For instance, high-yield savings accounts and money market funds are currently paying upwards of 6% interest.  The national average APY on savings accounts is just 0.47%. That’s over 10 times less than the 5-plus percent APY and around 6% APY that the highest-yield savings accounts offer.  While this is still below the 6.5% inflation rate, it is much better than the 0% interest you would earn from most checking accounts or savings accounts offered by larger institutions.

There are other options that can improve your interest rate while keeping your funds relatively safe, including money market accounts, certificates of deposit, and short-term Treasury bills. No matter which option you choose, managing your excess cash with inflation in mind is one of the easiest ways to improve your portfolio longevity and safeguard your retirement.

Do not Let Inflation Ruin Your Dreams

If you find yourself worried about how to safeguard your retirement plan during these uncertain times, let Windgate Wealth Management provide a tailored plan to help you mitigate the effects of inflation and have confidence in your financial future. Schedule a free, no-commitment phone call with us today and start planning for a better tomorrow. You can reach us by calling (844) 377-4963 or emailing You can also book an appointment online here.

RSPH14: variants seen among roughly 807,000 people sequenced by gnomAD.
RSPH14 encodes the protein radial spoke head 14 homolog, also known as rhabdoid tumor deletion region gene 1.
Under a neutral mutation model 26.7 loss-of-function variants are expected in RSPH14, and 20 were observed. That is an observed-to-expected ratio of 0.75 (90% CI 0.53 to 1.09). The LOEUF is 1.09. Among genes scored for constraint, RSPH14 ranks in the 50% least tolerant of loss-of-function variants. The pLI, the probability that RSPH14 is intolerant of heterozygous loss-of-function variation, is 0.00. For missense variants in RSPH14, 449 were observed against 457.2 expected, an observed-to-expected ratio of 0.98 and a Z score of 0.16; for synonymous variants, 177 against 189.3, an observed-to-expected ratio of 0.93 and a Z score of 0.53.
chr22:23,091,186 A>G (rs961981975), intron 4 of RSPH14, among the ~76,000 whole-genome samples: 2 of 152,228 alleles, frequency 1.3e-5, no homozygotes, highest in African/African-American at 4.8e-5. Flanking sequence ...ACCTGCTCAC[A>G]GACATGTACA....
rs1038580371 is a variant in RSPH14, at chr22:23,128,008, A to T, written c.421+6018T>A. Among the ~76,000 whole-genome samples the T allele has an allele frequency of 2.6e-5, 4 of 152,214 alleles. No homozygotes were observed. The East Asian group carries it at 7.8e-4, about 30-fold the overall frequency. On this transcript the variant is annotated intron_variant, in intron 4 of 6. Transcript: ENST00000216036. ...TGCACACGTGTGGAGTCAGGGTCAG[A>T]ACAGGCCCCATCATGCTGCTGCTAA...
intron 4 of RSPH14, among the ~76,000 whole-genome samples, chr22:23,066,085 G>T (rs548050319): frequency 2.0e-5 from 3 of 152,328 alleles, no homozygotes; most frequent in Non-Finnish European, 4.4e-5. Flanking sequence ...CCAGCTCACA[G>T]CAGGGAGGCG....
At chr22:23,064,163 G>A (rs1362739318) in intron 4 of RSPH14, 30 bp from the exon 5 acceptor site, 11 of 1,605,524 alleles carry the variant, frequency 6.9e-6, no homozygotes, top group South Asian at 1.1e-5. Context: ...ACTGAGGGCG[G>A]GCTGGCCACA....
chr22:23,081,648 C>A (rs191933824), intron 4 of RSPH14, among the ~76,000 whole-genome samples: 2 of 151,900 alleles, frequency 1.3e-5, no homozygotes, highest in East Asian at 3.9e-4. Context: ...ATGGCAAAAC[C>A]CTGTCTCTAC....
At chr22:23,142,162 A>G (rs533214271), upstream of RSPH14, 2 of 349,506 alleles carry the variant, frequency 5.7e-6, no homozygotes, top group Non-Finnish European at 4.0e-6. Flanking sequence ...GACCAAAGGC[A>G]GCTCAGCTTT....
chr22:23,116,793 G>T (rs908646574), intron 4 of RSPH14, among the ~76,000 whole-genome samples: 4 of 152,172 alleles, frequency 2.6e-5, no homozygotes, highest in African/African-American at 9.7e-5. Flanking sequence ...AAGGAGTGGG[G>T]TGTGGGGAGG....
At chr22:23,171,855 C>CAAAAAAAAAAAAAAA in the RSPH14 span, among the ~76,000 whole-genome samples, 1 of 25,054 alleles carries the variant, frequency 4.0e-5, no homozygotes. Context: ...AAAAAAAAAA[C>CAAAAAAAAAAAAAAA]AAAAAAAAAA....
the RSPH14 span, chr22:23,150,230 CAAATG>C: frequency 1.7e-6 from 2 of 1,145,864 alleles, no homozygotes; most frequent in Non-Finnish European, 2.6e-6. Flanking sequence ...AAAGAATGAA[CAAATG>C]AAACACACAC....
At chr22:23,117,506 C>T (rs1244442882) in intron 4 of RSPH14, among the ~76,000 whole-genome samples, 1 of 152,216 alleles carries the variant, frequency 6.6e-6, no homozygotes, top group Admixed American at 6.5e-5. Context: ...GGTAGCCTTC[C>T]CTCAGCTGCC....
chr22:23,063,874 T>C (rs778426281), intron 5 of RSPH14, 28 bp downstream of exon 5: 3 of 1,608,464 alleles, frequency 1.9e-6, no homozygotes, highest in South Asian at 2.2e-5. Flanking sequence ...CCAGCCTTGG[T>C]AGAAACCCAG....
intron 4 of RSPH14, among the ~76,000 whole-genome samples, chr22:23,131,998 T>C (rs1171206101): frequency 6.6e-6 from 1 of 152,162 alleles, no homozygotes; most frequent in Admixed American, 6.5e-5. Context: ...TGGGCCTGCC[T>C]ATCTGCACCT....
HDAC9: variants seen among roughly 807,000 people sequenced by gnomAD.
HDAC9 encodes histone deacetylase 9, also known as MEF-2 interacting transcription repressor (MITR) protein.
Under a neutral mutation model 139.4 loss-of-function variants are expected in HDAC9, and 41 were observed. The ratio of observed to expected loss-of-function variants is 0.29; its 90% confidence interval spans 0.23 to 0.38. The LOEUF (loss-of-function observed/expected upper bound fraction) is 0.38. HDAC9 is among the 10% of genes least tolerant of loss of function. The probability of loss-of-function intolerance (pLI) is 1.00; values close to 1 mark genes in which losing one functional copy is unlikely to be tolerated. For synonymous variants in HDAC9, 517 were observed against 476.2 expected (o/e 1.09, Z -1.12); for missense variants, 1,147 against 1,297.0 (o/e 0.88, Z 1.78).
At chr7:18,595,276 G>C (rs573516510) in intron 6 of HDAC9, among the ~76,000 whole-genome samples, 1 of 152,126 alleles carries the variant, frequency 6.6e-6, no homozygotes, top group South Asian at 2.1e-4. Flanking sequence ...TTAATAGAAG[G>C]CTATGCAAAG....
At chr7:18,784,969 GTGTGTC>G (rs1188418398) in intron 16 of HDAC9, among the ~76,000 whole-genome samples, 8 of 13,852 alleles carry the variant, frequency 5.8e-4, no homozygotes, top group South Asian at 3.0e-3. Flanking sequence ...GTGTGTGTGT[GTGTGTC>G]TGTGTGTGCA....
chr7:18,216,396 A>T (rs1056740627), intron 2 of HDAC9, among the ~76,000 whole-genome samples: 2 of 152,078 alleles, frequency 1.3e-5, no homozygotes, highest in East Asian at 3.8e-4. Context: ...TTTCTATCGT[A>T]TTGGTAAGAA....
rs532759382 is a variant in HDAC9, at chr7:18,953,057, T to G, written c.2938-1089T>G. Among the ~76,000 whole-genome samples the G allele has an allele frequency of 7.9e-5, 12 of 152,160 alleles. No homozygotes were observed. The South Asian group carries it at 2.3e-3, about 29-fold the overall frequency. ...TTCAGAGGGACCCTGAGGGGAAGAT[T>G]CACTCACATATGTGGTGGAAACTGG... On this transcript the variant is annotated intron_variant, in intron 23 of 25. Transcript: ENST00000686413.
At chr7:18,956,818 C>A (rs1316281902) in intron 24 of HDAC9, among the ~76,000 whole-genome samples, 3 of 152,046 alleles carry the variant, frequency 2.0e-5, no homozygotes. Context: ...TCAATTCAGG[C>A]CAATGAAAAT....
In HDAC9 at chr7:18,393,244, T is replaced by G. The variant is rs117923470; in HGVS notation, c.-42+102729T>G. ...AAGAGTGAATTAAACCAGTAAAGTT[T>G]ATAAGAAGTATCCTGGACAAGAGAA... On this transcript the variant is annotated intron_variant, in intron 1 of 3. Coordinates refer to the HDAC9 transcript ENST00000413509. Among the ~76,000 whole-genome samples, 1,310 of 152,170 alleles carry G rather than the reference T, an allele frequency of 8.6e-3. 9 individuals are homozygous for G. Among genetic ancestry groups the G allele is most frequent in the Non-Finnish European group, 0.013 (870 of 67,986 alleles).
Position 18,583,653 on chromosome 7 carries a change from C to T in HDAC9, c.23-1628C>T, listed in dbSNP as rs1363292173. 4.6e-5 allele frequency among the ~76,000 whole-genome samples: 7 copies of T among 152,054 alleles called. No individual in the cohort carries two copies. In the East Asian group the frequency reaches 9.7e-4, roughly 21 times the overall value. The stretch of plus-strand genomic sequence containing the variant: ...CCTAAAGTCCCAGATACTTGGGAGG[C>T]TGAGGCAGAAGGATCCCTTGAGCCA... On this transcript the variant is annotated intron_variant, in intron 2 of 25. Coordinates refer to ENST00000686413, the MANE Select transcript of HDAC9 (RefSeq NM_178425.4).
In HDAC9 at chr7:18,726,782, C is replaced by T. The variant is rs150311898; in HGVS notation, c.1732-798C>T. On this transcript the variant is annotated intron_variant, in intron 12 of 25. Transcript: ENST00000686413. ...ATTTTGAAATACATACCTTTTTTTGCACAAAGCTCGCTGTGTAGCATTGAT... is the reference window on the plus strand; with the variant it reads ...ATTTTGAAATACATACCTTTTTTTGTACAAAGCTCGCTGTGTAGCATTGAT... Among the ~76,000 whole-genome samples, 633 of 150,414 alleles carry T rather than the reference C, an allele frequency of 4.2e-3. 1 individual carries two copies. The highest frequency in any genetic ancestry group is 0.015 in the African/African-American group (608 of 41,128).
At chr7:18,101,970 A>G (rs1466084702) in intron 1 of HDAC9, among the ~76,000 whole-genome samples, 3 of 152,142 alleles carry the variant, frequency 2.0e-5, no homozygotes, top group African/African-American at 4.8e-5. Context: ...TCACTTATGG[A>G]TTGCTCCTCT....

Perritt Capital Management, Inc. is the Registered Investment Advisor for Windgate Wealth Management accounts and does not provide tax advice. Consult your professional tax advisor for questions concerning your personal tax or financial situation and your insurance agent for insurance advice.

Data here is obtained from what are considered reliable sources. We consider the data used to be relevant and reliable.

First published March 2023.  Updated March 2024.

Past Performance does not guarantee future results.